The person chosen to be executed is at random in both texts, and the person who’s name is drawn is not guilty of anything other than bad luck. A known phrase in Panem during the times of the Hunger Games is “May the odds be ever in your favor.” (The Hunger Games) It is televised and said at every reaping. Ironically, when the government uses the phrase, “your favor” would entail competing in the games and fighting to the death, whereas “your favor” to the civilians of District 12, would mean that you are free from competing for another year. In “The Lottery,” none of the villagers think twice about the lottery. They understand that each family member has an equal chance of being chosen and accepts it, until they are the ones being stoned to death.
Tessie , a popular housewife and “winner” of the lottery, claims that her fate is unfair when she draws a black dot despite the fact that she has participated in numerous lotteries before and never mentioned it being unethical. “’Be a good sport Tessie,’ Mrs. Delacroix called, and Mrs. Graves said, ‘All of us took the same chance.’” (Jackson 4) Mrs. Graves and Mrs. Delacroix are Tessie’s fellow civilians and they quickly turned on her only because she was randomly selected to be persecuted. The haphazardness of murder in both texts is evidently unethical, however, the civilians and government of both the village and Panem are blinded by society and believe that the random selection is fair.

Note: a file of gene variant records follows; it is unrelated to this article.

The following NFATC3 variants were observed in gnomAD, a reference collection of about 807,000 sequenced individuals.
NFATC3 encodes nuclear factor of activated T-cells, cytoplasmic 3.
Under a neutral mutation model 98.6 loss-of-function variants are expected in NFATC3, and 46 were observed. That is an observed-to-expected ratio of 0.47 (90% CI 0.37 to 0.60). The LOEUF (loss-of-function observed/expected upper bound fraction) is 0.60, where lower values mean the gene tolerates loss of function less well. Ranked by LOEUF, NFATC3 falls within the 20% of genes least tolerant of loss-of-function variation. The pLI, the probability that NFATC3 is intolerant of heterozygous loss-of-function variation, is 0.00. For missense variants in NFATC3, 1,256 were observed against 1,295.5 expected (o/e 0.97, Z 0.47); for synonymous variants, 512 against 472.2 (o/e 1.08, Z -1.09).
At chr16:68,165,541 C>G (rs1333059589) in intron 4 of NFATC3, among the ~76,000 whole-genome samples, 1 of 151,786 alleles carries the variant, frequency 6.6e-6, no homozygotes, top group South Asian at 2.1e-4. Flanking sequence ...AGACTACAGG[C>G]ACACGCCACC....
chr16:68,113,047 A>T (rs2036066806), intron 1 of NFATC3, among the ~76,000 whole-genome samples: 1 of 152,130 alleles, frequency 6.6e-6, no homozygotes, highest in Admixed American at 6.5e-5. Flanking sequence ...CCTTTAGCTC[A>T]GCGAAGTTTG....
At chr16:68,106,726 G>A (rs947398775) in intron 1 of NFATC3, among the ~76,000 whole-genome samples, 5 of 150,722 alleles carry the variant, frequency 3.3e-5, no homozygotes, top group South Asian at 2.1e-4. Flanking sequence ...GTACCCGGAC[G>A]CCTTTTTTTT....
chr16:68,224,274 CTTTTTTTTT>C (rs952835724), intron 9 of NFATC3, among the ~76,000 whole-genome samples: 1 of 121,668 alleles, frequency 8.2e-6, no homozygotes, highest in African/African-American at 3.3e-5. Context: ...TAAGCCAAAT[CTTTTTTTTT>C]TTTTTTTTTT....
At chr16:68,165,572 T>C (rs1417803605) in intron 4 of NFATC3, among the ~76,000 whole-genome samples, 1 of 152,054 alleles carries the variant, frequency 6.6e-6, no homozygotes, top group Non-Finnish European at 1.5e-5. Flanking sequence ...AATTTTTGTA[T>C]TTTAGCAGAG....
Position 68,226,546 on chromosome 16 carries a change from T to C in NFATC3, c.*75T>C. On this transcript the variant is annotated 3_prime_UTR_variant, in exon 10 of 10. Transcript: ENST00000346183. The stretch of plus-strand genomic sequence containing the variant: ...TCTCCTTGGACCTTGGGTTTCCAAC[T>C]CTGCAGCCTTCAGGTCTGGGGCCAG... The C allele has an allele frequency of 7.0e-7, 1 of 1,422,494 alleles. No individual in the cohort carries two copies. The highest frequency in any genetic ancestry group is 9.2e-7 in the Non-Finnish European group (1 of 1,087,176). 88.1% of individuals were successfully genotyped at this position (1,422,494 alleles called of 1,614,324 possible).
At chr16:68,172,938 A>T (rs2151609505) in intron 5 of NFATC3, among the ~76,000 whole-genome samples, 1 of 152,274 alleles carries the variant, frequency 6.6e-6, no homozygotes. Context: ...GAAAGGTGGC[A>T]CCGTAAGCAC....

After traditions go on long enough, there seems no need to change; and that is exactly what happens in “The Lottery” and The Hunger Games. Characters in both texts are both severely blinded by society and see no reason to stop their tradition. Ritual murder has become part of their routine and they act like it isn’t a big deal at all. In “The Lottery,” as Mr. Summers is beginning the drawings, he says “Well now, guess we better get started, get this over with, so’s we can go back to work.” (Jackson 1) His choice of diction is too laid back for a ceremony of murder. These people, who have just returned from work, easily kill someone merely because they are told to, and they will return to work after as if it never happened. There is no explanation for this other than the fact that there has always been a lottery. They act as if it is no big deal at all when in actuality a death is occurring. Correspondingly, in The Hunger Games, after Katniss Everdeen and Peetah Melark are chosen as the “winners” of District 12, they meet with a previous victor of the games, Haymitch, who has little to no advice about how to go about the games.